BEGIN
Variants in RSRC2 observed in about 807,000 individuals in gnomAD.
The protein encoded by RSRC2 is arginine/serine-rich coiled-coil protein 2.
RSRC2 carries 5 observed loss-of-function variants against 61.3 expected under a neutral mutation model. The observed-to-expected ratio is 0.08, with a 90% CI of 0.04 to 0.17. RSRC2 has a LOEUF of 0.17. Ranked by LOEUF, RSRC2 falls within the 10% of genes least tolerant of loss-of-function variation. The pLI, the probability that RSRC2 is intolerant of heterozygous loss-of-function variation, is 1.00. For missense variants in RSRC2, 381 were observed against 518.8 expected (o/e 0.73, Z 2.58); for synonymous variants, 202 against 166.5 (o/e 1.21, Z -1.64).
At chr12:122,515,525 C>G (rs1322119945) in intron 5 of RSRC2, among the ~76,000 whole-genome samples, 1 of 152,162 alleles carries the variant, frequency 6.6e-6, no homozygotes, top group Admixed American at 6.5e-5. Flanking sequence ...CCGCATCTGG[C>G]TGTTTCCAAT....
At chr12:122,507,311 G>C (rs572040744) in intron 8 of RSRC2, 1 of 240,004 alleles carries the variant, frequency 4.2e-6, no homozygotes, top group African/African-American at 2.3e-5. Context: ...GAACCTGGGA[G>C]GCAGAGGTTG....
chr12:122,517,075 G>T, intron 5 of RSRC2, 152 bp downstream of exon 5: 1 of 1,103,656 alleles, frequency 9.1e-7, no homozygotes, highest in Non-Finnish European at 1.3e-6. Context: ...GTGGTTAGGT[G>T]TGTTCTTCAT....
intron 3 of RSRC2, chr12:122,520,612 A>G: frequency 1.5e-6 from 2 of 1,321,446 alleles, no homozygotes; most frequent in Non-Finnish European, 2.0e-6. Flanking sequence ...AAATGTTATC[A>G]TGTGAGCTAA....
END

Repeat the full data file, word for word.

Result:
Variants in RSRC2 observed in about 807,000 individuals in gnomAD.
The protein encoded by RSRC2 is arginine/serine-rich coiled-coil protein 2.
RSRC2 carries 5 observed loss-of-function variants against 61.3 expected under a neutral mutation model. The observed-to-expected ratio is 0.08, with a 90% CI of 0.04 to 0.17. RSRC2 has a LOEUF of 0.17. Ranked by LOEUF, RSRC2 falls within the 10% of genes least tolerant of loss-of-function variation. The pLI, the probability that RSRC2 is intolerant of heterozygous loss-of-function variation, is 1.00. For missense variants in RSRC2, 381 were observed against 518.8 expected (o/e 0.73, Z 2.58); for synonymous variants, 202 against 166.5 (o/e 1.21, Z -1.64).
At chr12:122,515,525 C>G (rs1322119945) in intron 5 of RSRC2, among the ~76,000 whole-genome samples, 1 of 152,162 alleles carries the variant, frequency 6.6e-6, no homozygotes, top group Admixed American at 6.5e-5. Flanking sequence ...CCGCATCTGG[C>G]TGTTTCCAAT....
At chr12:122,507,311 G>C (rs572040744) in intron 8 of RSRC2, 1 of 240,004 alleles carries the variant, frequency 4.2e-6, no homozygotes, top group African/African-American at 2.3e-5. Context: ...GAACCTGGGA[G>C]GCAGAGGTTG....
chr12:122,517,075 G>T, intron 5 of RSRC2, 152 bp downstream of exon 5: 1 of 1,103,656 alleles, frequency 9.1e-7, no homozygotes, highest in Non-Finnish European at 1.3e-6. Context: ...GTGGTTAGGT[G>T]TGTTCTTCAT....
intron 3 of RSRC2, chr12:122,520,612 A>G: frequency 1.5e-6 from 2 of 1,321,446 alleles, no homozygotes; most frequent in Non-Finnish European, 2.0e-6. Flanking sequence ...AAATGTTATC[A>G]TGTGAGCTAA....